Japan unveiled the world’s tallest free-standing tower last week? The Skytree, as the Japanese have called it, tops out at 634 metres. It’s nearly two times the height of the Eiffel Tower.
The Skytree is not the world’s tallest man-made structure. That title belongs to the Burj Khalifa in Dubai, which tops out at 829 metres. Because the Skytree is mostly a radio and communications platform, without offices and apartments, it gets to claim the title of ‘world’s tallest tower’. It also has 312 shops at the top, including an aquarium and planetarium.
The so-called ‘Skyscraper Index’ shows the correlation between financial booms and tall buildings. Nothing says ‘speculative financial boom’ like a real-estate development taller than anything else in the world. These buildings, then, become a kind of exclamation point marking the end of an era.
But the building of the Skytree in Japan complicates this convenient narrative. It is not a monument to success. It’s something else, which we’ll get to in a moment.
In the 20th and 21st centuries, the tallest buildings in the world were built in the most dynamic and fastest-growing places in the world, the frontiers of human endeavour. The modern skyscraper itself was born in Chicago and New York. America was the China of the 19th century. Urbanisation and industrialisation — driven by real rates of return on investment — led to booming financial and commodity centres in New York and Chicago. New building techniques and materials took scarce real estate and built it up, literally.
But take a look at where the 25 tallest buildings in the world will be by 2015. This includes buildings under construction and those that are already completed. Ten of the twenty five are in China (including Hong Kong). Seven are in the Middle East. Three are in Asia ex-China (Malaysia, South Korea, and Taiwan). Four are in the US and one is in India.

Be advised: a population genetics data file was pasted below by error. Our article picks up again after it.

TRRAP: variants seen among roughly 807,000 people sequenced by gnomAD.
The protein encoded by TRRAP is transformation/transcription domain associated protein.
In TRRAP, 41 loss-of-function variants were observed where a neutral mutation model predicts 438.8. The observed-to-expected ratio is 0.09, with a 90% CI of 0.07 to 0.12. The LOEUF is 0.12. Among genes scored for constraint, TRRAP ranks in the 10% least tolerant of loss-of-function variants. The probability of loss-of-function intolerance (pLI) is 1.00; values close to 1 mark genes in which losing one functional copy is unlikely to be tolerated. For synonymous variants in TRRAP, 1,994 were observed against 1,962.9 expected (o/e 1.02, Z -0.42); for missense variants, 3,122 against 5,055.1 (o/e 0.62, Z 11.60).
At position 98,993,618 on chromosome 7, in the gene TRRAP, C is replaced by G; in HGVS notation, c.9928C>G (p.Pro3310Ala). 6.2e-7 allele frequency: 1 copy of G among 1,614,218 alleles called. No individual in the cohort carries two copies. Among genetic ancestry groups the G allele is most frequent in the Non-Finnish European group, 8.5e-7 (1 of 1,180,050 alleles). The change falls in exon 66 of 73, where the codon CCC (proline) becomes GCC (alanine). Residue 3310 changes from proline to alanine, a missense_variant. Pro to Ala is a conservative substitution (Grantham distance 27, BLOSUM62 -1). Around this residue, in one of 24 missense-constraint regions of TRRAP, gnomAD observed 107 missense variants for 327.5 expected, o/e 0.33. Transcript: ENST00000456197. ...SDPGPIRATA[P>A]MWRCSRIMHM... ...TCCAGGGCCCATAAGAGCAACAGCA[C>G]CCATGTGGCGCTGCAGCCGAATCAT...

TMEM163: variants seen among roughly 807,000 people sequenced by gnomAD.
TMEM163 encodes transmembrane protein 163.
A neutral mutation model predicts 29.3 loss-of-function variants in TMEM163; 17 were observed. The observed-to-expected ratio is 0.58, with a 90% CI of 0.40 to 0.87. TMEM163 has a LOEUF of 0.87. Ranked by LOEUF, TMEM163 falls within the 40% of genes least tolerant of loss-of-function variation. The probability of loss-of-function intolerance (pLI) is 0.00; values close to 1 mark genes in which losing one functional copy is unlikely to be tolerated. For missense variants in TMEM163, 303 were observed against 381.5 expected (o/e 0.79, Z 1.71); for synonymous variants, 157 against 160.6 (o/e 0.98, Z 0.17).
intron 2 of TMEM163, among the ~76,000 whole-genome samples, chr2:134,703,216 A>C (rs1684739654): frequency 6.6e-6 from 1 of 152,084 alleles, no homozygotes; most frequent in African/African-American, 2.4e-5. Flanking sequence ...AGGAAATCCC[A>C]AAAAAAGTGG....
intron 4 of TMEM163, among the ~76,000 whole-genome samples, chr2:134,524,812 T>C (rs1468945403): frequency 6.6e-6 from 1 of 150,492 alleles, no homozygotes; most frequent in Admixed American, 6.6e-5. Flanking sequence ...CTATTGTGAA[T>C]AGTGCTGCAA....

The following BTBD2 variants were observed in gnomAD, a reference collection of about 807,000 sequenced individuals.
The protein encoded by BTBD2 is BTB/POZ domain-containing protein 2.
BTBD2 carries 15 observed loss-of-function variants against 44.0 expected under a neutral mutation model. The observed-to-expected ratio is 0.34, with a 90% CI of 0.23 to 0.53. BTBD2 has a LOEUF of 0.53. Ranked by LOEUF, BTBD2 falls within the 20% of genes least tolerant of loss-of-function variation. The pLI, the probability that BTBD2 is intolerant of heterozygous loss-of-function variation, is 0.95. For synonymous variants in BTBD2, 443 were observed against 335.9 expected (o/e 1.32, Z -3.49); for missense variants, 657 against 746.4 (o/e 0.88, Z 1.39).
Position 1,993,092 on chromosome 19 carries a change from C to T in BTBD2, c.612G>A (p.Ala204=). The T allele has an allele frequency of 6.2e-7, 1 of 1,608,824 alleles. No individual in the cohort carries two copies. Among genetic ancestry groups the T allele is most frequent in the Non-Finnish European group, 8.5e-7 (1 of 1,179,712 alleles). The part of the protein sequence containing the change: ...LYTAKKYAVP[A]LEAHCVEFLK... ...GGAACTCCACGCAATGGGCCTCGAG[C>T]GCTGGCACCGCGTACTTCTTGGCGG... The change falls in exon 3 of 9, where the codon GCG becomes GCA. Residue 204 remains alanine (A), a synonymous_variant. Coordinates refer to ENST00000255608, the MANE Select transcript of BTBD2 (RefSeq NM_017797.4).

All of these buildings can probably be explained in terms of one single boom: the boom from the globalisation of the petro-dollar standard. That boom spread far and wide. It’s the boom that’s ending now. But that is a story for a different day.
Japan’s Skytree is telling for other reasons. Japan is in the midst of a long depression. Its stock market has never recovered from its 1989 high. It has the highest government debt-to-GDP ratio of any industrial nation. And demographically speaking, it has an old population.
The Skytree is a monument to the power of crisis extension. That is, with enough belief and determination, you can forestall the inevitable for quite some time. The Skytree isn’t a symbol of a rising economic power. It’s like a giant tombstone in eastern Tokyo, towering over an economy locked in financial limbo from too much debt.
You could forgive the Japanese for wanting to have something to celebrate. It’s been an absolutely devastating few years. You’d have to be pretty hard-hearted to dismiss the sentiment expressed in the Yomiuri newspaper. ‘We would like to celebrate the opening of a structure that Japan can boast about to the world.’ ‘This will definitely become one of the Japan’s symbolic places,’ 25-year-old Masae Koudo told the paper.
That’s correct. But what will it symbolise? The Europeans will probably not build a similar tombstone. Or maybe the euro is their abstract monument to ambition. But don’t discount their ability to prolong a crisis. As Japan has shown, low interest rates can drag out a debt crisis many years without any fundamental improvement in asset quality. That’s why — as certain as we are about how this story ends — we remind ourselves to be modest about predicting when. We have no idea.
Perhaps the trouble with building skyscrapers as economic monuments is that the sky really is the limit. You can only build so high before you have trouble getting people and water up to the highest heights. There is also, in Japan, the not insignificant matter of earthquakes and how to dampen them. Modern buildings have overcome many of these challenges, but the future is beyond the sky.
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